Rambler Newspapers

Serving Irving, Coppell and Grand Prairie

A Day in the Life of a Fire Fighter [PHOTOS]

Irving — When most people think of ‘a day in the life of a firefighter,’ they usually imagine flashing lights and piercing sirens as a fire engine races down a highway. They may think of shows like “Chicago Fire” or “Rescue Me,” where fire engines rush across town at all hours, putting out blaze after blaze, risking life-and-limb on a constant basis to rescue people trapped in buildings or homes too dangerous for anyone else to enter. It is a thrilling, dangerous, and often glamorized profession. But in reality, fire and flames are a small part of the job.

Rambler Newspapers recently sent a reporter to visit firefighters at Fire Station #12 in Irving for day, to find out what a day in a firefighter’s life is really like. Unlike the TV shows, a normal day at the fire station is pretty calm.

“In the 24 hours we’re here, we may have only one or two of those where we’re actually on-scene, actually in the community,” Firefighter Brian Logsdon said. “The rest of the time is spent [in the fire station]. We do things like cleaning toilets, mopping floors, doing yard work, cleaning the station, cooking breakfast, lunch and dinner, all those things that are just normal day-to-day activities. The lights and the sirens are exciting, but [these tasks] are really the major part of the day.”

Checking the equipment and making sure it is functional is another mundane, but extremely important job of a firefighter.

“We have to be at a state of readiness all the time,” Firefighter Rodney Vike said. “If we get on a call later this afternoon and something doesn’t work or doesn’t start, we know we checked it this morning and it worked fine. We can’t control what happens between now and then, but we can go into the shift with good conscious that we did everything in our ability to make sure that we’re at 100 percent, and the public depends on that.”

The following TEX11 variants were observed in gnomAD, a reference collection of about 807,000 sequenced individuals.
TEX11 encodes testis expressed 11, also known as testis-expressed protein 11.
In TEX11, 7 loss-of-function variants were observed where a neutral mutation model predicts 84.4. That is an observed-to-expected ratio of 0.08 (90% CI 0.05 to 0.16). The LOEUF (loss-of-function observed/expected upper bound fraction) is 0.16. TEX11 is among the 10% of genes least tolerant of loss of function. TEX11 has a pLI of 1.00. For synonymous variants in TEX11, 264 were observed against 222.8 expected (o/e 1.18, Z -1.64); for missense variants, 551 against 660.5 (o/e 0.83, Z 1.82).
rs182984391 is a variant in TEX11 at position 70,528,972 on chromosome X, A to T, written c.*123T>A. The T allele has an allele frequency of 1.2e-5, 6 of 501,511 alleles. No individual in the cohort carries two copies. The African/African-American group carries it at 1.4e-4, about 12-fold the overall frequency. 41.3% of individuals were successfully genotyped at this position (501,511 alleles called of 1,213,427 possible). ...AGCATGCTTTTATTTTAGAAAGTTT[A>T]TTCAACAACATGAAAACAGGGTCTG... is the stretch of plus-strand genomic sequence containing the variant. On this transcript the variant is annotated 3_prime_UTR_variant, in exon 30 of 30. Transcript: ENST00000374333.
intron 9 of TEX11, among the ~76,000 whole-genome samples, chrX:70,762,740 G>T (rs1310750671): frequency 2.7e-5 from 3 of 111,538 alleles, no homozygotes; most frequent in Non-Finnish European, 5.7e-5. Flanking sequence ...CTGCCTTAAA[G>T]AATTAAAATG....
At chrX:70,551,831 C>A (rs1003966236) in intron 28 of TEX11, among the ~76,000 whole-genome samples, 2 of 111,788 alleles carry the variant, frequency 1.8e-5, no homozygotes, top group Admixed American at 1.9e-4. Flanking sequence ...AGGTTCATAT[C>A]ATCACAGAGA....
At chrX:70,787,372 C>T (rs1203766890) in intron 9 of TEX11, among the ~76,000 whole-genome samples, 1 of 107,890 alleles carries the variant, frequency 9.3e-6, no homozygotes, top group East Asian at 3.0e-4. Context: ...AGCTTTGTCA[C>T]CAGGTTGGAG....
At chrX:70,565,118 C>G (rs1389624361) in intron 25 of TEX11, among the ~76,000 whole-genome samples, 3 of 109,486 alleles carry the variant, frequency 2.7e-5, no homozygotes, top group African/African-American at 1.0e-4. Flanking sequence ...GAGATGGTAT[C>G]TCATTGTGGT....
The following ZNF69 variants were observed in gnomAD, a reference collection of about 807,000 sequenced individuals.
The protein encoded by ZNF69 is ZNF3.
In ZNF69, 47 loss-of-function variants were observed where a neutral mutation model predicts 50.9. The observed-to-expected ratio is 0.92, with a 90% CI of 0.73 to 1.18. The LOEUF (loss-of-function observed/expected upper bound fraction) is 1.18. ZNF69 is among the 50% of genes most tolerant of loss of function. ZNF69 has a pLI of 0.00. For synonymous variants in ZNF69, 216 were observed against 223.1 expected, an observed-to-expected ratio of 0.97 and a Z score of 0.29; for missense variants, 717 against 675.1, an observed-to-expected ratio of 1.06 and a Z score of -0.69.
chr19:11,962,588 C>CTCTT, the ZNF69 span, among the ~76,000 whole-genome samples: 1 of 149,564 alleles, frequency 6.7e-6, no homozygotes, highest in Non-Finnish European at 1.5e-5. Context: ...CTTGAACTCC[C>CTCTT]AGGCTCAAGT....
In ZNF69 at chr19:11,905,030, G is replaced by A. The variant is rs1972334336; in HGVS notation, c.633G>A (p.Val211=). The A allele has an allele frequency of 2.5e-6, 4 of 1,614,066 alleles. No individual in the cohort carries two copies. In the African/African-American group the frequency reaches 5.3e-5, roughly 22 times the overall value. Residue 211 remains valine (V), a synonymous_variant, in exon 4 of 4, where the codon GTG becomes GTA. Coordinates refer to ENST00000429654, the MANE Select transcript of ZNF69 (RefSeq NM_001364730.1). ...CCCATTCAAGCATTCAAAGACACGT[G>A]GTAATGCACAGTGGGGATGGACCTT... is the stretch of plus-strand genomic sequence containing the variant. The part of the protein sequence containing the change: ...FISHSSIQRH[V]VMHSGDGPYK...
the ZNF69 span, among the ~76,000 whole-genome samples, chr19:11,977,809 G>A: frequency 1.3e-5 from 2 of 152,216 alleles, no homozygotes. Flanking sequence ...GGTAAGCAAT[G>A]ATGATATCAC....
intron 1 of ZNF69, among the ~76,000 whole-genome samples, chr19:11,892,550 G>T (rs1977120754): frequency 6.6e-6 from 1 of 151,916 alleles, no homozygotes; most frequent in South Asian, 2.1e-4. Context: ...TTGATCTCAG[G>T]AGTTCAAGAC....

Most days, things are pretty quiet at the station until the moment an alarm breaks the silence, and the call for aid goes out. At that moment, these Irving firefighters immediately jump into action, ready to face down any danger they may encounter. But surprisingly, fires are not the most dangerous thing these firefighters face.

“[Working on the highway is] probably the most dangerous thing we do,” Vike said. “161, 635, any major highway, even the service roads can be dangerous. You have cars that are driving 60, 70 miles an hour on the service road, and they don’t slow down. Most drivers these days are so distracted with their electronic devices, and they’re not paying attention to the road. That, by far, is the most dangerous thing we do.”

The blocker program has been very effective in protecting Irving firefighters from harm on the roadways. Firefighter Bill Keetch explained this unique program, which originated with the Irving Fire Department, employs old fire engines as barriers to protect the fire fighters and equipment on the highway.

“[The blocker program] has saved us from losing front-line equipment, and it’s also saved our guys from being injured,” Keetch said. “It’s a very important thing that we’ve started, and also other departments throughout the state are now starting to follow. I believe Dallas has a blocker program they’re using now as well.”

Firefighter Robert Payne said once the call goes out and the firefighters arrive on the scene, all the little tasks fall by the wayside, and the team becomes focused on doing what they do best–saving lives.

“We cut up a lot here at the station, but when those codes go off, we all get very serious and we all focus on helping whatever that situation is: car accident, house fire, medical run,” Payne said. “We all become very focused on helping people and doing what it takes to get that situation resolved.

“Here at the fire station, [the most rewarding thing] is the friendships and family we build with each other here. But when you go out into the field, it’s getting that opportunity to help somebody, whether it’s a medical call or you assist somebody who really needs help. We do get some of those calls where they maybe don’t need an ambulance necessarily, but they still have a serious situation or someone’s really in trouble. When you can help them get to the hospital or get them out of trouble, it’s very fulfilling.”

“Everything we do, we don’t do it as an individual,” Firefighter Rodney Vike said. “We come to an emergency as a group, as a team. Everybody brings a different skill set to that problem. You can lean on that person’s strengths, and for the next call, someone else will have a really strong expertise in that area, and you can lean on him to take the lead. The teamwork is what really makes it work.”

You can view photos from our day with the fire fighters below:

Photos by Rodney Moore